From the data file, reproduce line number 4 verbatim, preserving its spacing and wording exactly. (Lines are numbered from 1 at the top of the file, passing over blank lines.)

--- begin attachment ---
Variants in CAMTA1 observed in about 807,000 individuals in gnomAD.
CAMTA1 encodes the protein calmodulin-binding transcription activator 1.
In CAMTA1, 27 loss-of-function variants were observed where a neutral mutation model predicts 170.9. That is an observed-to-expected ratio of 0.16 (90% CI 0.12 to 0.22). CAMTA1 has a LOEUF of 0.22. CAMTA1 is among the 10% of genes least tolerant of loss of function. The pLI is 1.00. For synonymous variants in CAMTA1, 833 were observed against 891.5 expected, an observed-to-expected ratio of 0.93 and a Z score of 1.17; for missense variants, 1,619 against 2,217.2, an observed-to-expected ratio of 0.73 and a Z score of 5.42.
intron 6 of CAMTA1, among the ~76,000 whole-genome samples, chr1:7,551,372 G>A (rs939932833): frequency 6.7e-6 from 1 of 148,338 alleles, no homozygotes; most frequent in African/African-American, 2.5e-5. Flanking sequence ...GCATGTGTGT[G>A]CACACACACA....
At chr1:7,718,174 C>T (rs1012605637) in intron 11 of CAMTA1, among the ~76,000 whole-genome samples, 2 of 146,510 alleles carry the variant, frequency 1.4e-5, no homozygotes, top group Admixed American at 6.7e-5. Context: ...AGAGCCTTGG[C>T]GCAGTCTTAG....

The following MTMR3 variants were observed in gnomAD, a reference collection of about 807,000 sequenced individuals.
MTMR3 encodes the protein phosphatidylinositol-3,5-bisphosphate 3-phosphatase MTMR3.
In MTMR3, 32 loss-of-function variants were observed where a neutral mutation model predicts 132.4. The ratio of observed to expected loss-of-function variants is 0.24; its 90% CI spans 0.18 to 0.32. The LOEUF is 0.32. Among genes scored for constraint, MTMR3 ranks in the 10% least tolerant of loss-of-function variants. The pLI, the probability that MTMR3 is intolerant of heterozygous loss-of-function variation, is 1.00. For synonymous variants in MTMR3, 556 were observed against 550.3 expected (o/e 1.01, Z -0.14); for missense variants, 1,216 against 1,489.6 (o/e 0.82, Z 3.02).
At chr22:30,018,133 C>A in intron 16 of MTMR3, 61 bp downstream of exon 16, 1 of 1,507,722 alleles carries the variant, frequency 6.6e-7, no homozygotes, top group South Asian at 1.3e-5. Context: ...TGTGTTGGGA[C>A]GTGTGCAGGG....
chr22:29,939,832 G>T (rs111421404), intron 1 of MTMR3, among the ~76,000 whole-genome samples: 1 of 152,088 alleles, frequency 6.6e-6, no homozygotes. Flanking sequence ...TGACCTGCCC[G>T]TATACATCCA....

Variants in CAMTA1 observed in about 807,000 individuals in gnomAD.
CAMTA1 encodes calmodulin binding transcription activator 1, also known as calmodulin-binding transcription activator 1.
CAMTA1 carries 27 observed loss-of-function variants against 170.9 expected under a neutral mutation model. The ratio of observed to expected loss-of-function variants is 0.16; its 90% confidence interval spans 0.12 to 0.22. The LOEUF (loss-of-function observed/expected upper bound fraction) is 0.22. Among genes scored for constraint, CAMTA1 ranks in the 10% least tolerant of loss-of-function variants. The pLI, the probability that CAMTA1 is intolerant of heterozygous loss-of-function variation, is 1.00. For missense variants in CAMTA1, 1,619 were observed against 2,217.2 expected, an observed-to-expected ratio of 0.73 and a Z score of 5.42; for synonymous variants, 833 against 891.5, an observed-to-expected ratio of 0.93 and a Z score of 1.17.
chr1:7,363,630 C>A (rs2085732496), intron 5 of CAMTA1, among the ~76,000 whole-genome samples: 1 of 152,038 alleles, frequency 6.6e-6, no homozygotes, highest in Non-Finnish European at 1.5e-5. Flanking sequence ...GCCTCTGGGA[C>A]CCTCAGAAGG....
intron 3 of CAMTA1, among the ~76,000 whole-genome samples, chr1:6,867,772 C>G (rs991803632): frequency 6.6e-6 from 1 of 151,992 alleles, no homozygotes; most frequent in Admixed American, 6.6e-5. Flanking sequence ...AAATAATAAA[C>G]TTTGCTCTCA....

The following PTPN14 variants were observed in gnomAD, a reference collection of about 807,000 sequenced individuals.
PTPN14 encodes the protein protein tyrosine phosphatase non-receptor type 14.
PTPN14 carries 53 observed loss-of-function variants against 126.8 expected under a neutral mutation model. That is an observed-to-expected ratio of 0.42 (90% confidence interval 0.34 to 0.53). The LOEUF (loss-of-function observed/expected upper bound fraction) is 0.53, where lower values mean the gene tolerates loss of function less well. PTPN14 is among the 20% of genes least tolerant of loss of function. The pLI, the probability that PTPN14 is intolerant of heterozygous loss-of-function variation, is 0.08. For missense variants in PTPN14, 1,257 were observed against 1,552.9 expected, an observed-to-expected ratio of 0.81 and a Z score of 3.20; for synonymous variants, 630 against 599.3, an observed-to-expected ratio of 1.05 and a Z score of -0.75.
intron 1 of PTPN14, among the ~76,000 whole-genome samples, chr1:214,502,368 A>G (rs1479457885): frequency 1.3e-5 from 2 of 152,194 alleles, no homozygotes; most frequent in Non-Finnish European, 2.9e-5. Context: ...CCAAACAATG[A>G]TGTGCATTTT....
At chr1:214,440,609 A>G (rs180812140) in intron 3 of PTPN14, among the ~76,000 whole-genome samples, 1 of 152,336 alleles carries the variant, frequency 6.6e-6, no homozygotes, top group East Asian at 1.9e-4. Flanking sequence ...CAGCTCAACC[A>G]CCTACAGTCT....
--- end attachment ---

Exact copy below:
intron 6 of CAMTA1, among the ~76,000 whole-genome samples, chr1:7,551,372 G>A (rs939932833): frequency 6.7e-6 from 1 of 148,338 alleles, no homozygotes; most frequent in African/African-American, 2.5e-5. Flanking sequence ...GCATGTGTGT[G>A]CACACACACA....